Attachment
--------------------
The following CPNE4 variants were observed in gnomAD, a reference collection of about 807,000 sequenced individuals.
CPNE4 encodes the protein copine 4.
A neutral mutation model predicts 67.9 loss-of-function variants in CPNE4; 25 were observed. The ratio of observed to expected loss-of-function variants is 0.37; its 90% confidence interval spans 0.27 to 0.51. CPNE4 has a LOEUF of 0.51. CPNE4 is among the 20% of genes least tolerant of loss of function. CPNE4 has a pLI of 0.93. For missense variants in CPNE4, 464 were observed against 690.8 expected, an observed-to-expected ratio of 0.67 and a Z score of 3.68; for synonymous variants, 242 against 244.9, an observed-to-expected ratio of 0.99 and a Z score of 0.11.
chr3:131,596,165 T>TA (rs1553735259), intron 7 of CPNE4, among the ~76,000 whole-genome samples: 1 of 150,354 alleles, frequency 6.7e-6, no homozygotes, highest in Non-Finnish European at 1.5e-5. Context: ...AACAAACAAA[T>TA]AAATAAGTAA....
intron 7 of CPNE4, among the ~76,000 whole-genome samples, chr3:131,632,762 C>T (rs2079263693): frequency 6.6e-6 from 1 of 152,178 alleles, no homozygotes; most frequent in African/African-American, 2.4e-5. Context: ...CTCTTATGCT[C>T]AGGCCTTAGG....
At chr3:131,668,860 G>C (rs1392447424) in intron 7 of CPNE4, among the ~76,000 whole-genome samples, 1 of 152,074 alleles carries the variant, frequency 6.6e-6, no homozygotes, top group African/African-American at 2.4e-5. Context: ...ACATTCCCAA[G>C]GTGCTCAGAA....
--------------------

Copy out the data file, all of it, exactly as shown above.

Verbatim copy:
The following CPNE4 variants were observed in gnomAD, a reference collection of about 807,000 sequenced individuals.
CPNE4 encodes the protein copine 4.
A neutral mutation model predicts 67.9 loss-of-function variants in CPNE4; 25 were observed. The ratio of observed to expected loss-of-function variants is 0.37; its 90% confidence interval spans 0.27 to 0.51. CPNE4 has a LOEUF of 0.51. CPNE4 is among the 20% of genes least tolerant of loss of function. CPNE4 has a pLI of 0.93. For missense variants in CPNE4, 464 were observed against 690.8 expected, an observed-to-expected ratio of 0.67 and a Z score of 3.68; for synonymous variants, 242 against 244.9, an observed-to-expected ratio of 0.99 and a Z score of 0.11.
chr3:131,596,165 T>TA (rs1553735259), intron 7 of CPNE4, among the ~76,000 whole-genome samples: 1 of 150,354 alleles, frequency 6.7e-6, no homozygotes, highest in Non-Finnish European at 1.5e-5. Context: ...AACAAACAAA[T>TA]AAATAAGTAA....
intron 7 of CPNE4, among the ~76,000 whole-genome samples, chr3:131,632,762 C>T (rs2079263693): frequency 6.6e-6 from 1 of 152,178 alleles, no homozygotes; most frequent in African/African-American, 2.4e-5. Context: ...CTCTTATGCT[C>T]AGGCCTTAGG....
At chr3:131,668,860 G>C (rs1392447424) in intron 7 of CPNE4, among the ~76,000 whole-genome samples, 1 of 152,074 alleles carries the variant, frequency 6.6e-6, no homozygotes, top group African/African-American at 2.4e-5. Context: ...ACATTCCCAA[G>C]GTGCTCAGAA....